In some patients with insomnia, benzodiazepines are clearly necessary. The other hypnotics may not be as effective for some patients, and the anxiolytic properties of benzodiazepines may be helpful.
When hypnotics are used (particularly, benzodiazepines and nonbenzodiazepines), their use should be reassessed—every 3 to 4 weeks.3,12 Many patients with insomnia do not experience sleep disturbances nightly. Therefore, the use of hypnotics on an as-needed basis or a few times a week helps cut down on the amount and exposure to medication.27
Trazodone and mirtazapine(Drug information on mirtazapine) are also widely used for insomnia, as are atypical antipsychotics and herbal preparations. Unfortunately, these agents have not been rigorously studied for insomnia and thus their effectiveness and safety remain unclear.3
CBT-I is an important, widely accepted, multimodal treatment for insomnia and the best-studied of the nonpharmacological approaches for this disorder. It is a manualized treatment that focuses on various components of CBT (ie, cognitive restructuring and the use of psychological interventions, such as the practice of good sleep hygiene, stimulus control, sleep restriction, and relaxation therapy). These methods address negative and distorted cognitions and behaviors that initiate and perpetuate insomnia.9,28 Treatment duration is relatively short. It is administered for 5 hours divided over 4 to 6 weeks and can subsequently be used as a maintenance treatment in monthly sessions. There are approximately 12 well-designed CBT-I trials that have clearly demonstrated that it is a highly effective intervention for insomnia for 1 year or longer.29,30
Studies that compared CBT-I with pharmacotherapy found equivalent efficacy.31 This has led the NIH Consensus and State of the Science Statement to conclude that CBT-I is “as effective as prescription medications are for short-term treatment of chronic insomnia. Moreover, there are indications that the beneficial effects of CBT, in contrast to those produced by medications, may last well beyond the termination of active treatment.”3 In contrast to hypnotics, learned CBT-I skills may persist even when active treatment ends.9 Furthermore, some patients may prefer CBT-I over hypnotic drugs because of their possible adverse effects or because of concerns about drug interactions or taking a drug during pregnancy.9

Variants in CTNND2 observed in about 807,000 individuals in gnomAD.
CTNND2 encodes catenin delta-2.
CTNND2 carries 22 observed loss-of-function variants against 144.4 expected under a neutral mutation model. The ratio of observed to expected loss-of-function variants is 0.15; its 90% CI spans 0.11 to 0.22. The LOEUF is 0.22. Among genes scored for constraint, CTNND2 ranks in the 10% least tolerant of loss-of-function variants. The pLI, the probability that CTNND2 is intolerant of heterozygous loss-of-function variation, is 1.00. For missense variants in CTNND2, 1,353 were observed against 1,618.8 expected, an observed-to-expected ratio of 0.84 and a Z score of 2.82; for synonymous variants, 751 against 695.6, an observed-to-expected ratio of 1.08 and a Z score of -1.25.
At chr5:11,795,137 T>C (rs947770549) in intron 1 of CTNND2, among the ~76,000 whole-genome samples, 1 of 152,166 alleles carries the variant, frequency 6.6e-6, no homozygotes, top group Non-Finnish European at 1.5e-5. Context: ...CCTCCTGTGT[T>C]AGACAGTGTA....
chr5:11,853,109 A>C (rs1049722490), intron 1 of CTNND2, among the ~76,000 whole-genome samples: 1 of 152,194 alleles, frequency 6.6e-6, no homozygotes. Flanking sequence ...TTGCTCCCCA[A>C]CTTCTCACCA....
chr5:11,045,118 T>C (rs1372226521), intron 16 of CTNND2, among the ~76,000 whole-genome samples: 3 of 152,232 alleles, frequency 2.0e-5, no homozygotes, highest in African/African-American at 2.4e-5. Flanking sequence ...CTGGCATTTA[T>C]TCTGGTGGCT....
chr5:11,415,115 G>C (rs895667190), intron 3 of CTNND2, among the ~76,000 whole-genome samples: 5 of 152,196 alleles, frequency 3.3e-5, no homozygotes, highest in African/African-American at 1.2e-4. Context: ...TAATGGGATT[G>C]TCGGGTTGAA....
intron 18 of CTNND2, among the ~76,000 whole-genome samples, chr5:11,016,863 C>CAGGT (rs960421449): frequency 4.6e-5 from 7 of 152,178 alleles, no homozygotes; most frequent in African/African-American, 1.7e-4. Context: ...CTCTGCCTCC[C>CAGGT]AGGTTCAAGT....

In general, CBT-I is underutilized—only about 1% of patients with chronic insomnia receive this therapy.32 To increase the availability of CBT, it can be administered via self-help strategies (eg, educational books and materials) and in group formats. In addition, the use of the Internet to provide CBT has been shown to be effective. Nonetheless, patients frequently prefer face-to-face contact.33
Besides CBT-I, a number of other nonpharmacological therapies, such as bright light, physical exercise, acupuncture, tai chi, and yoga, have been used to treat insomnia. Unfortunately, the results have been inconsistent.32,34
Is a combination of pharmacotherapy and nonpharmacotherapy more effective than either alone in the treatment of anxiety disorders with insomnia? Combination therapy has not been addressed in studies of this particular patient population. Furthermore, the question has been minimally addressed even in the treatment of insomnia per se. Study findings suggest only modest differences in outcomes with a combination of therapies. Similar results were seen in a study that compared CBT with CBT plus zolpidem. The 6-week acute study demonstrated a 60% response rate and a 40% remission rate; the group with the combination treatment did have a significant increase in sleep time of 15 minutes, but the researchers question the clinical significance of this isolated finding.29
Anxiety disorders with comorbid insomnia are highly prevalent with potential negative consequences. Therefore, assess for insomnia with self-rating scales and careful clinical interviews. When appropriate, refer patients for polysomnography.
Insomnia should be treated aggressively with pharmacotherapy, nonpharmacotherapy (particularly CBT-I), or a combination. Some of the hypnotic treatments actually appear to facilitate successful therapy for the anxiety disorder.
Benzodiazepines and nonbenzodiazepines have a number of adverse effects and can lead to abuse and dependence. Patients with an anxiety disorder may be particularly vulnerable, especially those with a history of alcohol and drug abuse. Treatment with benzodiazepine and nonbenzodiazepine hypnotics needs to be reassessed monthly. Alternatively, ramelteon, low-dose sinequan, and CBT-I should be considered because they have minimal adverse effects and no risk of abuse.
Successful treatment of insomnia is an important goal in patients with anxiety disorders. Both pharmacological and nonpharmacological interventions have response rates of approximately 60%.
Dr Asnis is Professor in the department of psychiatry and behavioral sciences at the Albert Einstein College of Medicine and Director of the Anxiety and Depression Clinic of Montefiore Medical Center, Bronx, NY; Dr Caneva is a Psychiatry Fellow at the Anxiety and Depression Clinic of Montefiore Medical Center; Dr Henderson is Research Coordina-tor at the Anxiety and Depression Clinic of Montefiore Medical Center. Dr Asnis is Consultant for Bristol-Myers Squibb and has received grants in the past year from Forest Pharmaceuticals, Lilly, Otsuka, and Pfizer. Drs Caneva and Henderson report no conflicts of interest concerning the subject matter of this article.
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3. National Institutes of Health. National Institutes of Health State of the Science Conference statement on Manifestations and Management of Chronic Insomnia in Adults. Sleep. 2005;28:1049-1057.
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5. Maher MJ, Rego SA, Asnis GM. Sleep disturbances in patients with post-traumatic stress disorder: epidemiology, impact and approaches to management. CNS Drugs. 2006;20:567-590.